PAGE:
An additional drawback for some dieters is the monthly cost of the program. The Basic plan costs $9.96 per day as of early 2018, the Core plan $10.68, and the Uniquely Yours Plan $12.29. The Diabetes Basic, Core, and Uniquely Yours plans cost the same per day as their nondiabetic counterparts. The Vegetarian plan costs $344.00 on a monthly basis. The three plans for men cost $11.39 per day for Basic, $12.11 per day for the Core plan, and $13.71 per day for the Uniquely Yours plan. When the dieter considers that she or he must still purchase fresh foods from the grocery store in addition to the Nutrisystem foods, the monthly cost of the plan will be close to or over $500.00 per month for many people.


The Nutrisystem program seems safe from a nutritional standpoint for most dieters who have had a medical checkup for previously undiagnosed conditions or food allergies. It does not depend on appetite suppressants, fasting, or other practices that may be dangerous to health. It is not, however, recommended for pregnant women or for people with chronic kidney disease, soy or peanut allergies, or other special dietary needs. In addition, Nutrisystem food choices are neither gluten-free nor appropriate for dieters who follow kosher dietary regulations. And as noted earlier, the plans are not designed to be used by children.

Research and general acceptance

As of 2018, Nutrisystem has not yet been rated or evaluated by the Academy of Nutrition and Dietetics. It has, however, been evaluated in eight different clinical trials registered with the National Institutes of Health; about half of the trials were or are being conducted in the Philadelphia area. Some of the clinical trials are intended to evaluate the effectiveness of Nutrisystem in treating patients with polycystic ovary syndrome or diabetes in addition to assisting weight loss in those who are obese.

As of 2018 have been two articles published in mainstream medical journals since 2015 that evaluated Nutrisystem in comparison to behavioral interventions or selfdirected diets; the article published in 2017 was sponsored by the company. A third article rated Nutrisystem in addition to other commercial weight-loss programs in terms of claims regarding weight loss and reported that testimonials from these programs invariably reported greater rates of weight loss than dieters who were enrolled in randomized controlled trials and used the same commercial products. The researchers concluded that “Future studies should examine whether commercial programs' advertising practices influence patients' expectations or satisfaction with modest weight-loss results.” Furthermore, long-term study to evaluate the outcomes is needed.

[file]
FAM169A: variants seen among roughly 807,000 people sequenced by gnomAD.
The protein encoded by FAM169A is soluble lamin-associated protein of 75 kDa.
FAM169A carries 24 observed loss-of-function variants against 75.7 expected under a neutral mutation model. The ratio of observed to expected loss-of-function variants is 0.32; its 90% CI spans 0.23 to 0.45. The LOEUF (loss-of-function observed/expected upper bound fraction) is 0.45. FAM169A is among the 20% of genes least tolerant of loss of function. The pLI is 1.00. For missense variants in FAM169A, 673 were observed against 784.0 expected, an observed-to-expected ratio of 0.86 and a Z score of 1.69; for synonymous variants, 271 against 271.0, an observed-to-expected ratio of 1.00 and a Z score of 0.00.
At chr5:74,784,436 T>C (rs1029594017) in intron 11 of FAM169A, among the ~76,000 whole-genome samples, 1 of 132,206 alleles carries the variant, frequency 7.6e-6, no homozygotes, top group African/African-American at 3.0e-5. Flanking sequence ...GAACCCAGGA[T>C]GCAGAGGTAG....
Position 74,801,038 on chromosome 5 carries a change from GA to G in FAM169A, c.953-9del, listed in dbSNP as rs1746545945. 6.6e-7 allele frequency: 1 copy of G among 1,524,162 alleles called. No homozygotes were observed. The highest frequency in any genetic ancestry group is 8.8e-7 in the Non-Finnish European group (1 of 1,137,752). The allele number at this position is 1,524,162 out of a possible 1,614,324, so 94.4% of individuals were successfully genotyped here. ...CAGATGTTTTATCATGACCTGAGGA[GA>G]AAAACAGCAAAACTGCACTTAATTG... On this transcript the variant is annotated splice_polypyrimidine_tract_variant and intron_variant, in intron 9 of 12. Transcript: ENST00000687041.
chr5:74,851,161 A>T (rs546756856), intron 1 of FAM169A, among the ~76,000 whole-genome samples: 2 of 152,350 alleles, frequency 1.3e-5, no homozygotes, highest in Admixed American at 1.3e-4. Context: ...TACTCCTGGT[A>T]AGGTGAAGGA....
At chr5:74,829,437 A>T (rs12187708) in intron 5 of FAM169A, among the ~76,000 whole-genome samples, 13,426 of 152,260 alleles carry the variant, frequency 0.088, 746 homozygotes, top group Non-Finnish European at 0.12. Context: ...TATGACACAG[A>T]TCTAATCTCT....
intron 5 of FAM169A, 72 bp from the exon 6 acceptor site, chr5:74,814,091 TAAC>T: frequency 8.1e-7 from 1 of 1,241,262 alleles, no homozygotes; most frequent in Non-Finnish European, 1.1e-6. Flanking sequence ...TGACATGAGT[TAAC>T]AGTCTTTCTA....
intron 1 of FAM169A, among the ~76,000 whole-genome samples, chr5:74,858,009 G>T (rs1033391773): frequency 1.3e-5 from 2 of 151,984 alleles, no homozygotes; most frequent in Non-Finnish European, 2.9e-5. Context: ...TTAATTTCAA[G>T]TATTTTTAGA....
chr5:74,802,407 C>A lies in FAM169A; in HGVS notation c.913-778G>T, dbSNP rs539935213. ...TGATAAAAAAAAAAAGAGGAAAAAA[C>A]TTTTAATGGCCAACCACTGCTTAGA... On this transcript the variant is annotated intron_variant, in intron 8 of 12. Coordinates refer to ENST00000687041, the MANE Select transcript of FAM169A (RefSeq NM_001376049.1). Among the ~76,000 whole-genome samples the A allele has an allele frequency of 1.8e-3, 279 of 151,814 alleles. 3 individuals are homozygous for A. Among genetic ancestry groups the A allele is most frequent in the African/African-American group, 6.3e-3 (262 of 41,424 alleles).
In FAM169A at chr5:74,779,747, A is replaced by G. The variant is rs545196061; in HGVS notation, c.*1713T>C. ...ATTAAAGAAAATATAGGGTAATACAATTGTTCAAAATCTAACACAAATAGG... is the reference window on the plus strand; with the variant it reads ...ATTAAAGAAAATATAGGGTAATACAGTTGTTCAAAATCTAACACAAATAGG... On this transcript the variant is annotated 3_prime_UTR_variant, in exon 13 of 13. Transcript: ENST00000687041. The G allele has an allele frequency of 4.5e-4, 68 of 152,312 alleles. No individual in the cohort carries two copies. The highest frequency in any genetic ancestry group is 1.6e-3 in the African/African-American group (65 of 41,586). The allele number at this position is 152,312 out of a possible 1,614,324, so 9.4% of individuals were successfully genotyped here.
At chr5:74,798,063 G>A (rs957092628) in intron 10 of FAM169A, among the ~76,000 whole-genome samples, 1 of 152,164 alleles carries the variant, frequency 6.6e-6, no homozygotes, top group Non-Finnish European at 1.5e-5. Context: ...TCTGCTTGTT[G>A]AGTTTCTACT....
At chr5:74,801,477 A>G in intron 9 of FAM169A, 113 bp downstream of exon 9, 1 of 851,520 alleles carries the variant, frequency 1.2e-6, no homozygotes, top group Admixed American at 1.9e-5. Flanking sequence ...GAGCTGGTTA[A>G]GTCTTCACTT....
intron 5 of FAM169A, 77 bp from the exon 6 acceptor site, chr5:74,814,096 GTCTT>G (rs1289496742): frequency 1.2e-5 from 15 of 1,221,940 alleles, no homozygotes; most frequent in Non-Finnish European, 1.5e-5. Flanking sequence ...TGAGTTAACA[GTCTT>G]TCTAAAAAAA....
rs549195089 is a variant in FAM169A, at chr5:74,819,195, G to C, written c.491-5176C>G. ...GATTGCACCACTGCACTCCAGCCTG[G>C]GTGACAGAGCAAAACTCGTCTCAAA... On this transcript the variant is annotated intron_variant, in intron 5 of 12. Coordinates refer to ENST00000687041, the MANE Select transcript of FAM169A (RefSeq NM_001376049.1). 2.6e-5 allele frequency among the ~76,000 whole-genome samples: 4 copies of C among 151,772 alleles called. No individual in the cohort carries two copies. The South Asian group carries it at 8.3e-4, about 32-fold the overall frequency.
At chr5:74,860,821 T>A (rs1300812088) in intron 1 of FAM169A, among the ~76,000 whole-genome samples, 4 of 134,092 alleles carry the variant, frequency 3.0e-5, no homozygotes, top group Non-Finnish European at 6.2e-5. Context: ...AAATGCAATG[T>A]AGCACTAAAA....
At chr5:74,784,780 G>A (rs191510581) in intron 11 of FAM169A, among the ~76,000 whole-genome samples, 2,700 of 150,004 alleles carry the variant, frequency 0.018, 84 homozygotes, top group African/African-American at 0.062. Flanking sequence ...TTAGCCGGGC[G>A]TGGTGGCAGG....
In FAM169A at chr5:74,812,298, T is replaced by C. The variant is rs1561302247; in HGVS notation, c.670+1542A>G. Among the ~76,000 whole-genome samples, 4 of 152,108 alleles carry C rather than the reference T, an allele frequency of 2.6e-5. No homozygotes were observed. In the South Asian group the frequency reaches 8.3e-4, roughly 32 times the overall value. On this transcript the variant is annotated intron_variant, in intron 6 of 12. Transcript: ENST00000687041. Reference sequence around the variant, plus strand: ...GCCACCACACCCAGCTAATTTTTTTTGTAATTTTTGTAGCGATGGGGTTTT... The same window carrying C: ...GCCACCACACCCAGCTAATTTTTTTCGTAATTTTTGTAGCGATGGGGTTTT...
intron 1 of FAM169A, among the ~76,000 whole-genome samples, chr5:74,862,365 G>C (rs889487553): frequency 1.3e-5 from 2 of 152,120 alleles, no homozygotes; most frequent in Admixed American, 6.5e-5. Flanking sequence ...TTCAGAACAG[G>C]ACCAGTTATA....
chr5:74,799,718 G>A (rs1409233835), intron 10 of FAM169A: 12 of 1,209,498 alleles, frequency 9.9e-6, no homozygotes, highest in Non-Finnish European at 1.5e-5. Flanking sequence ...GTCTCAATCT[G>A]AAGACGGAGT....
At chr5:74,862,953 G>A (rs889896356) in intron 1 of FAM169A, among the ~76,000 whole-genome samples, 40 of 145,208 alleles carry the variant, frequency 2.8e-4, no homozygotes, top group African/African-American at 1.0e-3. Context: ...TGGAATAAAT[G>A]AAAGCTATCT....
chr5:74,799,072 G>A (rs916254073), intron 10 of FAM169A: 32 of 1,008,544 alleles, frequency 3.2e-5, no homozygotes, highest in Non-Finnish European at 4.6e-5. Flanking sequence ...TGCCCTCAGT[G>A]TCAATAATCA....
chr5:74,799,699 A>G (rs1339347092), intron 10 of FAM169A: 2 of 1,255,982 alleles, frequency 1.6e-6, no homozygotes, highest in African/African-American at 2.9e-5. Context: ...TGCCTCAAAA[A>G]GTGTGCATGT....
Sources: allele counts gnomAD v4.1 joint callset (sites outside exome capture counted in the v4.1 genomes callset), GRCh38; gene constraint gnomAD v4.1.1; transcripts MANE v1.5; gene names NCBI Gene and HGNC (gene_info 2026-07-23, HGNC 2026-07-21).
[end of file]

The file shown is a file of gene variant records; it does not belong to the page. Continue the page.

General acceptance of the Nutrisystem program is mixed. According to the U.S. News and World Report Health website, dieters who have used Nutrisystem give it three points out of a possible five; the website rates it as #19 in “Best Diets Overall.” and #5 in “Best Commercial Diet Plans.” The website's summary: “Experts found Nutrisystem effective for short-term weight loss but gave it only average scores in other categories.”

See also Jenny Craig diet ; SlimFast ; Sodium ; Weight Watchers .



Nutrisystem and James Rouse. Nutrisystem Nourish: The Revolutionary New Weight-Loss Program. Hoboken, NJ: John Wiley and Sons, 2004.


Cook, C. M., et al. “A Commercially Available Portion-Controlled Diet Program Is More Effective for Weight Loss than a Self-Directed Diet: Results from a Randomized Clinical Trial.” Frontiers in Nutrition 4 (November 7, 2017): 55.

Gudzune, K. A., et al. “Efficacy of Commercial Weight-Loss Programs: An Updated Systematic Review” Annals of Internal Medicine 162 (April 7, 2015): 501–12.

Vakil, R. M., et al. “Commercial Programs' Online WeightLoss Claims Compared to Results from Randomized Controlled Trials.” Obesity (Silver Spring) 25 (November 2017): 1885–93.


Nutrisystem. “Diet Plans.” (accessed January 18, 2018).

Nutrisystem. “How Nutrisystem Works.” (accessed January 18, 2018).

U.S. News and World Report Health. “Nutrisystem Diet.” (accessed January 18, 2018).

WebMD. “The Nutrisystem Diet.” (accessed January 18, 2018).


Nutrisystem, Inc., 600 Office Center Drive, Fort Washington, PA, United States, 19034, (800) 585-5483, dietary, .

Rebecca J. Frey, PhD

  This information is not a tool for self-diagnosis or a substitute for professional care.